A few word of caution are in order before going further into the question of caste and its political implications. At least in its full ramifications, the caste system is unique to Indian civilization. For this reason there is a strong temptation to use caste as an explanation for everything else that seems distinctive in Indian society. Obviously this will not do. For example, caste in older studies has been used to explain the apparent absence of religious warfare in India. Yet in modern times – not to mention Hindu resistance to Moslem proselytism in earlier days – religious warfare has taken on terrible proportions while caste has remained. Caste, and the theory of reincarnation, which forms an important part of caste doctrines, has also been used to explain the apparent political docility of the Indian peasants, the feebleness of the revolutionary upsurge in modern times. Yet we have seen that this upsurge was an important component of the forces that bought down the Mogul edifice. Nor is it altogether absent in later days. Still the overall evidence of submissiveness remains overwhelming. That caste has played a part in creating and supporting this behavior I see no sense in denying. Rather, the problem is to understand the mechanisms that produced passive acceptance.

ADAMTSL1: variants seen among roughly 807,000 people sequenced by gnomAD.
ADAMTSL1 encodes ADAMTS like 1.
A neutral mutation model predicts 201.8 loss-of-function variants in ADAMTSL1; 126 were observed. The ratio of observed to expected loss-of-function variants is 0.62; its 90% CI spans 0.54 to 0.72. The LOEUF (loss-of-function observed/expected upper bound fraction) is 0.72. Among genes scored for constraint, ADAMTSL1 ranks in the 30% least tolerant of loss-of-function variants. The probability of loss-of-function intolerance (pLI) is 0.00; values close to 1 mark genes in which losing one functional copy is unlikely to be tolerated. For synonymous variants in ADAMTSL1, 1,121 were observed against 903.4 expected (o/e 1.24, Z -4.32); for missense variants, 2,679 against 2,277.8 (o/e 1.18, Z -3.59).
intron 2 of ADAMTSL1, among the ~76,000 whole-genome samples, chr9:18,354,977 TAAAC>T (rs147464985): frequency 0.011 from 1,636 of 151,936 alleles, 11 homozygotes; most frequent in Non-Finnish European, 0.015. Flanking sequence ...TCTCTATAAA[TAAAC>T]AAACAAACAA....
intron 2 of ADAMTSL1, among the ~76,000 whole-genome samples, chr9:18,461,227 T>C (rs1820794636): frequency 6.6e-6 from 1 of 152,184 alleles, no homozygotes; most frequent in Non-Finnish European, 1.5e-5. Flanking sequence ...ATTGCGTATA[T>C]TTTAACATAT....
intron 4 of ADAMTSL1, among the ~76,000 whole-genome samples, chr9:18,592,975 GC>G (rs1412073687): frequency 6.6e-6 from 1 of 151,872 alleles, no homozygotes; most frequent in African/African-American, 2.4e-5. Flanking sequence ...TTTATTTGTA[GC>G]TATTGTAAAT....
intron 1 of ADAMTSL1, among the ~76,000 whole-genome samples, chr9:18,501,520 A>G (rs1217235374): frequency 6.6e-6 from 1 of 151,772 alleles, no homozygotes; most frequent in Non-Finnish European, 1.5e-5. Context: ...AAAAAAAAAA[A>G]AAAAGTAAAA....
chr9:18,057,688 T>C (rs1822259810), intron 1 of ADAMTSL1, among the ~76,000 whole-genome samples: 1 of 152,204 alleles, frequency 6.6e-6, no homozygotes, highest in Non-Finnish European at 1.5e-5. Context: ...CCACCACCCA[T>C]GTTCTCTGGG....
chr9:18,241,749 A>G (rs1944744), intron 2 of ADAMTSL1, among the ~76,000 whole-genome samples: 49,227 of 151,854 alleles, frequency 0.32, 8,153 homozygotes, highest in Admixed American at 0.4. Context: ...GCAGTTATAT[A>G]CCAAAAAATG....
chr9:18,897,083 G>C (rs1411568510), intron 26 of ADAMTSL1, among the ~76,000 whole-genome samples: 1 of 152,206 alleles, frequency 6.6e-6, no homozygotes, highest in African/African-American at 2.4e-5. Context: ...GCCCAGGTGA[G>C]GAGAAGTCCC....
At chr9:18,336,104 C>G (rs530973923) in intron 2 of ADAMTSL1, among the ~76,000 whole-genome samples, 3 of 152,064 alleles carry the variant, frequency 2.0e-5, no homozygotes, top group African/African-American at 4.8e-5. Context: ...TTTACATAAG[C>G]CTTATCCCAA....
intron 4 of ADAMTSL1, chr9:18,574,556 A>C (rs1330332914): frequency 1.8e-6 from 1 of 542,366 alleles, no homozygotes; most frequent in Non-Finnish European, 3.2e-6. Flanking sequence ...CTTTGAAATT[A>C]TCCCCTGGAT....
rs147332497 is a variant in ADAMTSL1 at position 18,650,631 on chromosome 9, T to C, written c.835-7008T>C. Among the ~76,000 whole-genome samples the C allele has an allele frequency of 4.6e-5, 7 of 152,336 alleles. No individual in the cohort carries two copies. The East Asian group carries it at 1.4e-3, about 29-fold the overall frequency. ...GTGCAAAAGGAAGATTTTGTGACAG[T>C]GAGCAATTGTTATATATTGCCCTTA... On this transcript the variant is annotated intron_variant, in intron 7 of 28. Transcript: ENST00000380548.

The standard explanation, runs about as follows. According to the theory of reincarnation, a person who obeyed the requirements of caste etiquette in his life would be born into a higher caste in the next. Submissiveness in this life was to be rewarded by a rise in the social scale in the next. This explanation required us to believe that the ordinary Indian pedant accepted the rationalizations put forth by urban priestly classes. Perhaps the Brahmans did succeed in this way to some extent. But it can only be a small part of the story. As far as it is possible to recover the attitude of the peasants toward the Brahman, it is fairly clear that the peasants did not passively and wholeheartedly accept the Brahman as a model of all that was good and desirable. Their attitude toward the monopolist of supernatural power seems to have been a mixture of admiration, fear, and hostility, much like that of many French peasants toward the Catholic priests. ‘There are three blood suckers in this world,’ runs a North Indian proverb, ‘the flea, the bug and the Brahman.’ Since the Brahman exacted payment for his services to the village, there were good reasons for this hostility. ‘The farmer does not reap his harvest without paying the Brahman to perform some ceremony; a tradesman cannot begin a business without a fee to a Brahman, a fisherman cannot build a new boat nor begin to fish . . . without a ceremony and a fee. Secular sanctions were obviously part of the caste system. And in a general way we know that human attitudes and beliefs fail to persist unless the situations and sanctions that reproduce them continue to persist or, more crassly, unless people get something out of them. To these concrete supports we must obviously turn if we are to understand caste.